View Full Version : NYC survivability

June 27th, 2005, 11:02 PM
Hello I have been following the whole movement of the oil industry lately and have been reading up on the hubbert peak theory. The jist of it is that the global oil production will follow a rough bell curve shape with the remaining oil after the peak returning very little energy returned vs energy invested (EROEI. As we are roughly halfway through the known oil reserves and spare capacity is essencially gone I was wondering what people living in large citys are planning to do? It is clear that the cheap energy from oil will be contested over and from unreliable sources as major powers secure there own. And renewable energys do not have the portabilty or energy payback or EROEI to sustain the current way of life. Please comment on your plans for the near future. Thanks all.

June 27th, 2005, 11:55 PM
New Yorkers consume less energy per capita than most any other area in the country. Our small apartments, good mass transit, and walkable city give us (and other dense cities) an advantage over sprawl-oriented areas. You should ask all the suburbanites with hour-long commutes in their giant SUVs and giant mcmansions what their plans are for after your energy apocalypse.

June 28th, 2005, 12:50 AM
I do think that there will be problems in the suburbs but I am just trying to get a feel for how life would be in this scenerio inside a major urban center. Although the energy use is low in a high density area the majority of resources is trucked into cities or by ship. If there were disruptions to the food supply network likewise the transportation situation would it be possible to grow enough food to sustain yourself personaly. And would you be able to relocate yourself outside the city if you were unable to drive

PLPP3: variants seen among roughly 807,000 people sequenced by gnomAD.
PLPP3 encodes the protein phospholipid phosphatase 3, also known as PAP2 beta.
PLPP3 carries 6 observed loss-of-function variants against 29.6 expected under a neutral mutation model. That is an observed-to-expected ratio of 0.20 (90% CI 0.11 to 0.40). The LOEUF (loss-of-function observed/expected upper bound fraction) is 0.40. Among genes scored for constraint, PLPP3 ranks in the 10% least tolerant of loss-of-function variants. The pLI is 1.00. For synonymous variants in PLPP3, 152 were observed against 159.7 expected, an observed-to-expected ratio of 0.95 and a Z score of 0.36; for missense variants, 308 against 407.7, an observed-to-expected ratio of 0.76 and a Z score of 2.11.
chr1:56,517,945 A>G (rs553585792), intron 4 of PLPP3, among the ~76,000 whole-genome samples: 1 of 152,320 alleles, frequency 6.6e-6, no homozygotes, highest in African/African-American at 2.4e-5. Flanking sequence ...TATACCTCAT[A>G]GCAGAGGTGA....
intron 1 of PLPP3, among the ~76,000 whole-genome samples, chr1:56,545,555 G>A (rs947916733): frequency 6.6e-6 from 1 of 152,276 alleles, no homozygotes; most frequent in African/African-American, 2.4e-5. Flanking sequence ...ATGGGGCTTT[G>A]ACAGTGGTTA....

June 28th, 2005, 01:01 AM
We are going to learn from Chinese - "Beijing has drafted a preliminary plan to quadruple nuclear power capacity to more than 32,000 megawatts (MW) between 2005 and 2020, or roughly two plants a year." - and start building nuclear power plants to have electricity for our air conditioners.

June 28th, 2005, 01:03 AM
As to sustaining myself personally, last summer I was growing tomatoes in my apartment, so survival is guaranteed. :)

June 28th, 2005, 01:33 AM
Unfortunaly though nuclear power will continue to serve a great deal of electricity in the near future there are several problems with this assumption. First ramping the electricty production to meet the demand of new vechicles, replacing millions of cars let alone semis with a yet undevloped vechicle could quite possibly use more energy than is available in the earth. Trying to do so during resource shortages as the timeframe to a peak in the production of oil is very near is impossible. Also since changing one energy source to another you would substitue peak oil for a peak uranium or a peak coal. Such an idea would not be a workable solution to maintaining our way of life.

June 28th, 2005, 01:44 AM
Well, you know all the answers, why ask questions?

June 28th, 2005, 02:27 AM